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Author Comment

by:mgross333
ID: 19612084
I am calling the customer to try the suggestions in WhistfulWhim's 2nd post at (his link, read the Toshiba section) AND Sparkmaker's post. I will post here and assign points if either idea works.

Rid post, 1st paragraph:  This is NOT my laptop; I fix PCs for a living. My customer wants me to fix problem without returning PC to Toshiba. If laptop goes back to Toshiba, I do NOT GET PAID.

Also rid, regarding
> The situation must have been like this from start, if you didn't do anything yourself to the BIOS.

My original Question above (2nd paragraph) clearly states that the customer DID DO SOMETHING to cause this.

Regards-Mike

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by:rid
ID: 19612133
From your original post it's by no means clear that you fix laptops professionally and the wording leads to the thought that you've bought it (previous owner mentioned) so what's with the capitals here? Mind-reading is not part of my toolbox, not at a distance anyway.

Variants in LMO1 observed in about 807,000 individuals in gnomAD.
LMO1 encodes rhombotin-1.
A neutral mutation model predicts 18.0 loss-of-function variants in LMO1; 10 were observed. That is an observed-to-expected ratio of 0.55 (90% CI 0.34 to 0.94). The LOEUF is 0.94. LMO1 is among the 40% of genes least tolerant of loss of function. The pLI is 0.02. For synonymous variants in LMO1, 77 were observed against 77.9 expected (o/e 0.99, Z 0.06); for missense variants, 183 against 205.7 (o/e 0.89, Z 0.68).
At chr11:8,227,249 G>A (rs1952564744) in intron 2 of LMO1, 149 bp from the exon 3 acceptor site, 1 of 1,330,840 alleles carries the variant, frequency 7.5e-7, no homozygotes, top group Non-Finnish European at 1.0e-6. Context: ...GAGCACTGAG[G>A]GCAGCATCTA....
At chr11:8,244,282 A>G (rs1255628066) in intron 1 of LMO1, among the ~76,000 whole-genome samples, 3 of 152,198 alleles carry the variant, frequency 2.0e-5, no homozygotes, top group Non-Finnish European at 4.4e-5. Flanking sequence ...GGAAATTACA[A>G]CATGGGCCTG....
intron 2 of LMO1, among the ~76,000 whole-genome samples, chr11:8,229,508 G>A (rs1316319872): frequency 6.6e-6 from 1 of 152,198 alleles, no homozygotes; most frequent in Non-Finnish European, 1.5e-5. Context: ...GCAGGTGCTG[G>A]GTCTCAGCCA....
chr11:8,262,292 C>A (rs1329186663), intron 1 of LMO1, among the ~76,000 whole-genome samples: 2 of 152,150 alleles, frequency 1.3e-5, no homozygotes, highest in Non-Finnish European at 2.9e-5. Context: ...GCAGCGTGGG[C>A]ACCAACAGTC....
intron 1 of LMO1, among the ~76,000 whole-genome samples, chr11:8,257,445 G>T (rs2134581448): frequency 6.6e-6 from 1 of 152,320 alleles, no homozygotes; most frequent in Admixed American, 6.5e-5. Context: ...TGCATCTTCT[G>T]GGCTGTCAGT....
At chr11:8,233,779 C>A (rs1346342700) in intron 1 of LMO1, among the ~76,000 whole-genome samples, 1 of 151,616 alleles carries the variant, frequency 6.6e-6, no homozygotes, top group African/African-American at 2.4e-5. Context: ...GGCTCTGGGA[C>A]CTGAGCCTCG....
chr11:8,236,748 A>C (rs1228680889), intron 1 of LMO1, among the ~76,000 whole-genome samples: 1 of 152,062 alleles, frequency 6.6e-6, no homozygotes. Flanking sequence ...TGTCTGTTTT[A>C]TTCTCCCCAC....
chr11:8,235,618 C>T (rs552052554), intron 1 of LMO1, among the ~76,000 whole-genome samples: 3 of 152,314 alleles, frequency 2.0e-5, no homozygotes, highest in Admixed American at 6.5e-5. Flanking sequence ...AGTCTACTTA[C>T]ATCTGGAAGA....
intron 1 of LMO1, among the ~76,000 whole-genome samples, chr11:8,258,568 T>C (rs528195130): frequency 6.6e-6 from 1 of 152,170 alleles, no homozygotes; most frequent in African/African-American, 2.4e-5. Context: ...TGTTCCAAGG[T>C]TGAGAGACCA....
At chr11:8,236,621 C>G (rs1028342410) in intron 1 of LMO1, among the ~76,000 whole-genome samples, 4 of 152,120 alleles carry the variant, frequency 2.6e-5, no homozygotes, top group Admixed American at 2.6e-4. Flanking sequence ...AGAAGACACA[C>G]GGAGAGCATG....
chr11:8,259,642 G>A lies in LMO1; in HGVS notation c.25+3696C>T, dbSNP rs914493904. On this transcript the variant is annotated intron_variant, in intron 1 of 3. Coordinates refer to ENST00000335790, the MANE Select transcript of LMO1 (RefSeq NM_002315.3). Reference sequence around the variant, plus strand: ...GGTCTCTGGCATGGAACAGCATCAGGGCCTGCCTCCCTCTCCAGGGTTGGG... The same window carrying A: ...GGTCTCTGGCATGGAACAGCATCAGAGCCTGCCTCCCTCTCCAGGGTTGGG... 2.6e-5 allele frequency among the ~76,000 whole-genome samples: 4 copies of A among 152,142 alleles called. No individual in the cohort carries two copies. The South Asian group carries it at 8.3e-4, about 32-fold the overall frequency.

/RID
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Author Comment

by:mgross333
ID: 19612224
rid,

I concede that my post was not clear on these points.

Mike
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Expert Comment

by:rid
ID: 19612285
It's OK. Unfortunately, I have to emphasize what has been mentioned by e.g. sparkmaker; modern laptops have a good security technology. Some "backdoor" PW might work, but it might be a good idea to cut your losses and tell the customer the true story (if possible without rubbing their nose in it :) ).
Cheers
/RID
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Author Comment

by:mgross333
ID: 19616156
The custome tried both the answer's above, spell possible BIOS password Toshiba with upper case, lower case and (Capital T, the rest lower case) and none of these worked.